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Secretary-General Ban Ki-moon

Off-the-Cuff

Secretary-General's Remarks at Joint Press Conference with His Excellency Manuel Gonzalez Sanz, Minister of Foreign Affairs of the Republic of Costa Rica [scroll down for Q&A]

San Jose, Costa Rica , 30 July 2014

Estoy muy feliz de estar en Costa Rica.

Es un placer para mi realizar mi primer viaje a Costa Rica como Secretario General y estar en su hermoso pais.

Since arriving this morning, I have met with President [Luis Guillermo] Solís and Foreign Minister [Manuel] González. We discussed security in Central America, the Millennium Development Goals, the post-2015 development agenda, climate change, and many other issues relating to disarmament and peace and security.

I had the extraordinary honor of addressing the judges of the Inter-American Court of Human Rights.
          
I have invited His Excellency President Solis to the Climate Summit which I am going to convene on 23 September. I am delighted that he confirmed that he will attend.

We also discussed the plight of migrants, especially unaccompanied children. Beyond Costa Rica, tens of thousands of Central American children are vulnerable and suffering at the hands of traffickers. On this World Day against Trafficking in Persons, I repeat my call on countries of origin, transit and destination to urgently protect the lives and safety of migrant children.

I applaud Costa Rica’s leadership in fostering peace, sustainable development and social inclusion.

For decades, Costa Rica has led the world in avoiding wasteful military spending. This country boldly invested instead in universal health and education. The result is less inequality and greater social peace. At the same time, I understand the Government and people aspire to better results.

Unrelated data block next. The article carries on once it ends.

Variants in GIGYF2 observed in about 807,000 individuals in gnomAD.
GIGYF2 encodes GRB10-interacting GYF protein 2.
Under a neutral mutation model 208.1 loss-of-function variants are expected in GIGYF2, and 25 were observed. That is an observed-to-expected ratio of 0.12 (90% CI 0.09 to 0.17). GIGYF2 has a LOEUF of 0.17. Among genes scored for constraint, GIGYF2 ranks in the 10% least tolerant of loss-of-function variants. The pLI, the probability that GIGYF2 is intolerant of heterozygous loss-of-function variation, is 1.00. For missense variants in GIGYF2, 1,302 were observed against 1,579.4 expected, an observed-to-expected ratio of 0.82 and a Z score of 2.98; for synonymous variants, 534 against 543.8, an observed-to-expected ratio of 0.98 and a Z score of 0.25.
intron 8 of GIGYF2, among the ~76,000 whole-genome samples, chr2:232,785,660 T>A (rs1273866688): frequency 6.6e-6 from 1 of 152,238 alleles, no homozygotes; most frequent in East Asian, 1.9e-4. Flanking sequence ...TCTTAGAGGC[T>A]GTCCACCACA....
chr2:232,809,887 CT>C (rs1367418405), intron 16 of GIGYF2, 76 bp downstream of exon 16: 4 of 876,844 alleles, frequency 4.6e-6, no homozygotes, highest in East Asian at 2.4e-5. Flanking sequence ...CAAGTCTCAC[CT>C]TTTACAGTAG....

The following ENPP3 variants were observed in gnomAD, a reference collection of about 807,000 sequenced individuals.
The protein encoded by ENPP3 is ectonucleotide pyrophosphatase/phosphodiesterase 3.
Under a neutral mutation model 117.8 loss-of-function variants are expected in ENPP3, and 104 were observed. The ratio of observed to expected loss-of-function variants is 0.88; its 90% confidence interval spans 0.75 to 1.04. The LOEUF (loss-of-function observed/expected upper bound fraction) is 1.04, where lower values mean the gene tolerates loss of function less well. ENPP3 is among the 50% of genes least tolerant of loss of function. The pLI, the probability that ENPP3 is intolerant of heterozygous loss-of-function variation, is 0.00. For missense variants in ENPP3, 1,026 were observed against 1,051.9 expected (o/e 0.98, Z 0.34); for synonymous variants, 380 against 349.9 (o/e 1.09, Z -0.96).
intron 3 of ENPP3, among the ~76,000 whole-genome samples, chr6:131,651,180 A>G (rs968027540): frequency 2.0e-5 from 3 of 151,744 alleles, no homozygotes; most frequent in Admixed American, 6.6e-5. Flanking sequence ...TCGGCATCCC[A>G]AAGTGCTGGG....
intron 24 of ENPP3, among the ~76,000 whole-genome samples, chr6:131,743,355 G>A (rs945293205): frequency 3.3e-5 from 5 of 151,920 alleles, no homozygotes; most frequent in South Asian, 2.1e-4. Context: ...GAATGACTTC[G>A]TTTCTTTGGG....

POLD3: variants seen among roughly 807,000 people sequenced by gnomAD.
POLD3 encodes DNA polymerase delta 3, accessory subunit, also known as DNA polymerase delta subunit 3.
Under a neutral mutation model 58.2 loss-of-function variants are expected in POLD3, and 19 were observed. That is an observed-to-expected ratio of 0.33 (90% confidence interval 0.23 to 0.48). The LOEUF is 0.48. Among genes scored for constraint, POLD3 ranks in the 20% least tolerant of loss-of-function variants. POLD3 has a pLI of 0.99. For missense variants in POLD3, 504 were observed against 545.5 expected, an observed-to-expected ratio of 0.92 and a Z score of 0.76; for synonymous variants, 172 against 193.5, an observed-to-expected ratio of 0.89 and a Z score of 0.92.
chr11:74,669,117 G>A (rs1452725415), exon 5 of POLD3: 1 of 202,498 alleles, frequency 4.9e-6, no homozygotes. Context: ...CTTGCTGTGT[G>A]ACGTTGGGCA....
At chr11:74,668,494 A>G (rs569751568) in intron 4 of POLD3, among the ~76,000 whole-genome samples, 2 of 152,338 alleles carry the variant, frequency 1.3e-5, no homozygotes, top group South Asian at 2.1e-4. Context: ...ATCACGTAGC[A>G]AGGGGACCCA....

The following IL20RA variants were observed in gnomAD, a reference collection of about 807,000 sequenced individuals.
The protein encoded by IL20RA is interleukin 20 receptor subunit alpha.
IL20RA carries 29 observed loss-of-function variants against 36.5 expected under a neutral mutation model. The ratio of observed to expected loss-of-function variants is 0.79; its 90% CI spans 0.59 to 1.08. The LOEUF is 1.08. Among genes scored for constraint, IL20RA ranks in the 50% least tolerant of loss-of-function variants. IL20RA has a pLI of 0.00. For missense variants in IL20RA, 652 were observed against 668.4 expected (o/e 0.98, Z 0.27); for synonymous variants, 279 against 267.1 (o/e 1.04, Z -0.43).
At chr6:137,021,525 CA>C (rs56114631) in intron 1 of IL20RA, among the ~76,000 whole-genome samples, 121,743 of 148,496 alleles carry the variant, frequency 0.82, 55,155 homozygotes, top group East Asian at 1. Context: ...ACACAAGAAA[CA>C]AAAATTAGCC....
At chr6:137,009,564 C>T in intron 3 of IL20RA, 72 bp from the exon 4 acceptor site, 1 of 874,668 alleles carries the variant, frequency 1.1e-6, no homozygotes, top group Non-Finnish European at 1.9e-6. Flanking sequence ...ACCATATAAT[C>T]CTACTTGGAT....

I am heartened by the Government’s recent efforts to end discrimination. I welcome steps taken to promote intercultural dialogue with indigenous peoples. I praise moves towards recognizing the equal rights of all people regardless of ethnicity, sexual orientation, gender identity or other differences. I was pleased to learn that recently, President Solís raised the diversity flag for the first time in the Presidential House.

I also encourage a stronger push to end violence against women – building on the impressive successes in ensuring their equal participation in decision-making.

I will meet with indigenous representatives today. Their full participation in decision-making is essential. The United Nations is working closely with Costa Rica for greater progress.

Costa Rica plays an important global role in promoting disarmament – including on the adoption of the landmark Arms Trade Treaty.

I am grateful to Costa Rica for hosting the meeting of the States Party to the Convention on Cluster Munitions next September [to be] held in San José. This is one more example of this country's commitment to international peace and stability.

Our world is interconnected. We have a responsibility to address threats to people wherever they occur.

The terrible conflict in Gaza has now entered into its fourth week. Despite repeated appeals, violence, destruction and human suffering show no signs of abating.

Over 1,200 Palestinians have been killed – the vast majority of them civilians, including hundreds of children.